April 15, 2021


Mutts Go Green: Earth-Friendly Tips and Comic Strips. By Patrick McDonnell. Andrews McMeel. $11.99.

     It is almost impossible not to want to like Mutts Go Green. It is a book for young readers, designed to increase their environmental/ecological awareness, provide specific suggestions for things they can do to help the planet, and amuse them at the same time by featuring some of the many marvelous strips in which Patrick McDonnell espouses the cause of environmentalism. The book opens with four admonitions, each of which then becomes its own section: “Keep it KIND, Keep it CLEAN, Keep it WILD, Keep it GREEN.” A “How to” page of bullet points specific to each section follows each “Keep It” urging, and then there are illustrative Mutts strips of all sorts on display until the start of the next section.

     It is all done with care and concern and genuineness – a hallmark not only of this aspect of Mutts but also of other elements of the long-running strip, such as its “Shelter Stories” (which have also been made into a standalone book), in which McDonnell strongly argues the case for animal adoption. But Mutts Go Green comes across as a bit too argumentative, a bit too smug, a bit too self-satisfied to be fully satisfactory – at least for the adults to whom young readers will likely turn for further information and for help in implementing whichever McDonnell suggestions they find appealing.

     For example, one thing McDonnell urges is, “Go vegetarian or go vegan.” Well, maybe: there are health issues associated with doing so (which McDonnell never mentions), and there may be cost issues as well for many families (again, not mentioned); and it is an unspoken irony of the strip and of this book in particular that cats (such as central character Mooch) cannot survive on a vegetarian/vegan diet, while dogs (such as central character Earl) can do so only in limited circumstances and with costly supervision. McDonnell’s recommendation to “make kind food choices, and go meatless at least one day a week,” is far more reasonable.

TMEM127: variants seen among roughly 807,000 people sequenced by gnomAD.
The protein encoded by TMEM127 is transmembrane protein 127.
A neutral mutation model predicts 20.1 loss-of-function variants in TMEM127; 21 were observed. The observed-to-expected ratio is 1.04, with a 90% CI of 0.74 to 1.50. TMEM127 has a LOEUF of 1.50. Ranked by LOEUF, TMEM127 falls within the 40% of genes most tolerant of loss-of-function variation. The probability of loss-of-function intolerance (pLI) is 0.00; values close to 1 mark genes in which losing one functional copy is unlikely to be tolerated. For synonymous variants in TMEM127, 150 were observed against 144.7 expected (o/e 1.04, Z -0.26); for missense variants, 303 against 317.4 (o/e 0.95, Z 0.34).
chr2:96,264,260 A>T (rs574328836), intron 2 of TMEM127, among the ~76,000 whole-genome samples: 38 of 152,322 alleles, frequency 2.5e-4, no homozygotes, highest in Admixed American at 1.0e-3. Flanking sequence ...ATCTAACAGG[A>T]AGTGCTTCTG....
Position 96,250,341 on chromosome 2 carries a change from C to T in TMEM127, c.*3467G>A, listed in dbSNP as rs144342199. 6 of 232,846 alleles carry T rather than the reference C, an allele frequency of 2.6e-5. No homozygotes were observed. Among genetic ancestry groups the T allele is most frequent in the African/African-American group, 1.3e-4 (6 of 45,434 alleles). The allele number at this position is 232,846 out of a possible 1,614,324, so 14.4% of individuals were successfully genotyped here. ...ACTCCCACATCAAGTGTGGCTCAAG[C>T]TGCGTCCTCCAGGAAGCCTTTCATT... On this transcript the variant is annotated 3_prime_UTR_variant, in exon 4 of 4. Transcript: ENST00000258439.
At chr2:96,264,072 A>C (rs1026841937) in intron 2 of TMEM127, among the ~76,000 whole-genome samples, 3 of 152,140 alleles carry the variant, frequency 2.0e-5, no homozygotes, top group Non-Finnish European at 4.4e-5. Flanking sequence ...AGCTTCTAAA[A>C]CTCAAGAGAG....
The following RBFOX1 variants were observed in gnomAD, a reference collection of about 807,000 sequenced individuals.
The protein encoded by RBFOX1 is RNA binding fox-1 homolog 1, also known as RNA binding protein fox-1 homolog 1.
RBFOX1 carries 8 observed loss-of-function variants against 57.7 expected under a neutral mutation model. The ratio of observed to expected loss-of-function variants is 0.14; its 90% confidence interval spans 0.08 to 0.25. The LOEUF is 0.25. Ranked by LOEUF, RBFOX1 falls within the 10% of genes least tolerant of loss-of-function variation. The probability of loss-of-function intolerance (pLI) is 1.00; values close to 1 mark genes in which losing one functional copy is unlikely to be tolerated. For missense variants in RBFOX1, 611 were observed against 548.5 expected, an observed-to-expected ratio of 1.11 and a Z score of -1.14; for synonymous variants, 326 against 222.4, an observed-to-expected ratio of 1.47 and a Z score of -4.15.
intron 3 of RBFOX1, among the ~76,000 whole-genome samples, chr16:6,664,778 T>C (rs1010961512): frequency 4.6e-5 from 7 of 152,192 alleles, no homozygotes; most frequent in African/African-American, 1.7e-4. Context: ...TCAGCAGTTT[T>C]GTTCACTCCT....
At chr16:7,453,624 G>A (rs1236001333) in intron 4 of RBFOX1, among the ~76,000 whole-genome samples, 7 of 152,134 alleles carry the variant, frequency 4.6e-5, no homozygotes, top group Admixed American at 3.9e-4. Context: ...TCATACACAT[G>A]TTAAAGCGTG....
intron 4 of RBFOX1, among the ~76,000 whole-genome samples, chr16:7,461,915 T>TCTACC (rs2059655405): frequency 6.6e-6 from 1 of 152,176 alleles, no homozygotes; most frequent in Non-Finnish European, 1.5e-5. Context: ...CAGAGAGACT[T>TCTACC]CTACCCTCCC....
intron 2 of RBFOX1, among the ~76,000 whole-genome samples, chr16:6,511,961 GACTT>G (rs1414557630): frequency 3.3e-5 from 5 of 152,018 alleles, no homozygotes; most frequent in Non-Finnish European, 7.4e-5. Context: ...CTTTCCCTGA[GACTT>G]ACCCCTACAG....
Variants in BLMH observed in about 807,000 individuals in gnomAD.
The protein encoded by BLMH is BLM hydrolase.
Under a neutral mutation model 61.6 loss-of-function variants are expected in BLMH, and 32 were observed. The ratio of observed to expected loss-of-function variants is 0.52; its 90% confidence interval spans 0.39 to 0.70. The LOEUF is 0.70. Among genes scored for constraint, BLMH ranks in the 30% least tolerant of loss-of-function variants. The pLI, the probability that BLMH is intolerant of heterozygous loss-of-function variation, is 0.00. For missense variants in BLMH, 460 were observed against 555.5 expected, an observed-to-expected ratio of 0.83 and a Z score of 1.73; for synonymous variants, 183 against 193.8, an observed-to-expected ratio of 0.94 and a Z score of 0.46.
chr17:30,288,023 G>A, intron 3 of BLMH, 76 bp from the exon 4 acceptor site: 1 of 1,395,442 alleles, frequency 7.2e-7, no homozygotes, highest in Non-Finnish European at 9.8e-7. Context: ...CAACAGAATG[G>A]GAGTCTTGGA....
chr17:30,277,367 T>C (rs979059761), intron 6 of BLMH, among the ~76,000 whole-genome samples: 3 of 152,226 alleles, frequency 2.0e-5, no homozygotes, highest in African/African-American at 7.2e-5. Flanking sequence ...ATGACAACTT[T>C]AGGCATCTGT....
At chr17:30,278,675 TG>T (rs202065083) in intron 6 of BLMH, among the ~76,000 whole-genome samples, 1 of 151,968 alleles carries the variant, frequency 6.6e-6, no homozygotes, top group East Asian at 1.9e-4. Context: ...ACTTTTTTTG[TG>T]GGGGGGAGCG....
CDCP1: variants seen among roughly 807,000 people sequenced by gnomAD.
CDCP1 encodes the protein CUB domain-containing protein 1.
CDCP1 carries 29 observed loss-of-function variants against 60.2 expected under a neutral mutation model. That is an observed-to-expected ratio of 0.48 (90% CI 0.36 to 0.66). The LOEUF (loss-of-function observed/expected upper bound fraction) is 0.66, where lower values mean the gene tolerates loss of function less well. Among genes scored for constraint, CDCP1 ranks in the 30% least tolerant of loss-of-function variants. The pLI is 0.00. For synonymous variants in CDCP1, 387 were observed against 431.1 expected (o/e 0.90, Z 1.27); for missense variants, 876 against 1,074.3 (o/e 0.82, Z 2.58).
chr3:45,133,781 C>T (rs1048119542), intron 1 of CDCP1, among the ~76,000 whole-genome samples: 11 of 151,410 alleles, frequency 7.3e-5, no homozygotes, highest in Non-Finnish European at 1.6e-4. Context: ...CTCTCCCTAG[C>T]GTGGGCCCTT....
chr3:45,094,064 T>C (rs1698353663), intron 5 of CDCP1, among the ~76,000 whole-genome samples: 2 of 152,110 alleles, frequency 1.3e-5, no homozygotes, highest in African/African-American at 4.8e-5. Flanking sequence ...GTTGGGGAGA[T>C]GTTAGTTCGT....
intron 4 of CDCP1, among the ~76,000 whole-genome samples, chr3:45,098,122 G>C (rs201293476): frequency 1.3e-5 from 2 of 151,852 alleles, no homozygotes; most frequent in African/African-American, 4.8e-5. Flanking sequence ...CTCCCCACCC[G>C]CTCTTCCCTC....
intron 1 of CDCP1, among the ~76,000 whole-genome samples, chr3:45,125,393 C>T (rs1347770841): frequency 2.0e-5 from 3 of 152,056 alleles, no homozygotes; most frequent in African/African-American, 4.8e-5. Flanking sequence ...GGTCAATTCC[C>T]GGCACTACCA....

Similarly, there are issues with simplistically saying, “Avoid using pesticides. Bugs pollinate plants.” True, some bugs do. But others destroy plants, including plants that well-meaning humans may be trying to use to grow some of their own food. “Avoid using pesticides” is extremely simplistic in the absence of any recommendation about how to fend off harmful infestations; and while, of course, being simplistic is understandable in a book for young readers, an admonition that says simply to stop something – without explaining the consequences or providing any alternative – is a recipe for disappointment. A strip showing Mooch lifting a gigantic pumpkin and proudly showing it to Earl, stating, “It’s organic,” adds to the potentially disappointing result of Mutts Go Green on this topic, since many organically grown fruits and vegetables come out far smaller and far less evenly shaped than those grown using non-organic methods – and, in addition, cost substantially more. McDonnell misses an opportunity here: he could have drawn a comic showing a small, unevenly shaped pumpkin being admired by his characters because of being organic, instead of implying that organic produce is going to be bigger and more beautiful than examples that are non-organically grown.

     Some of the strips in Mutts Go Green do, however, make their point extremely effectively. Two single-panel ones on facing pages both show Mooch and Earl in a small boat, with Mooch saying, “It’s just you and me, pal.” In the first strip, McDonnell shows the huge variety of unseen water dwellers just beneath the boat, bringing home the message that those of us who live in the air are all too often unaware of the tremendous richness of life beneath water – which we neglect at our peril. The second strip then shows the below-water area without a single living organism – filled instead with humanity’s discards and waste products. The two strips together clearly show how the mistaken “just us” belief has led to unthinking pollution that humanity has a moral obligation to stop (besides which, reducing pollution is in people’s own best interests). Also reproduced here is one of the now-classic Mutts strips, a single panel divided into three thin ones stacked upon each other, the first showing an impressive collection of African animals, the second showing the same animals in outline (as if fading), and the third showing the scene with all the animals gone – above the ellipsis-led caption, “…right before our eyes.” That drawing has the power to engage, enrage and motivate, and if it is something of an overstatement, that is fine: McDonnell often uses Mutts as a bully pulpit, and pulpits are, after all, where preaching is done.

     The problem with Mutts Go Green is that it is too simplistic, even for its intended young readership, to have the kind of effect that the best Mutts advocacy strips have on their own, within the context of a comic strip that entertains as well as educates. In one strip in this book, the little cat formally named Jules but usually referred to as Shtinky Puddin’ proclaims, in his determination to save the tigers, “I’m a BIG believer in positive thinking.” Obviously, so is McDonnell. But positive thinking is scarcely enough to promote environmental activism, as McDonnell wants to do; and there are a few too many cases in Mutts Go Green in which the uplifting intent of McDonnell’s message is undermined by the rather heavy-handed way in which the message is delivered.

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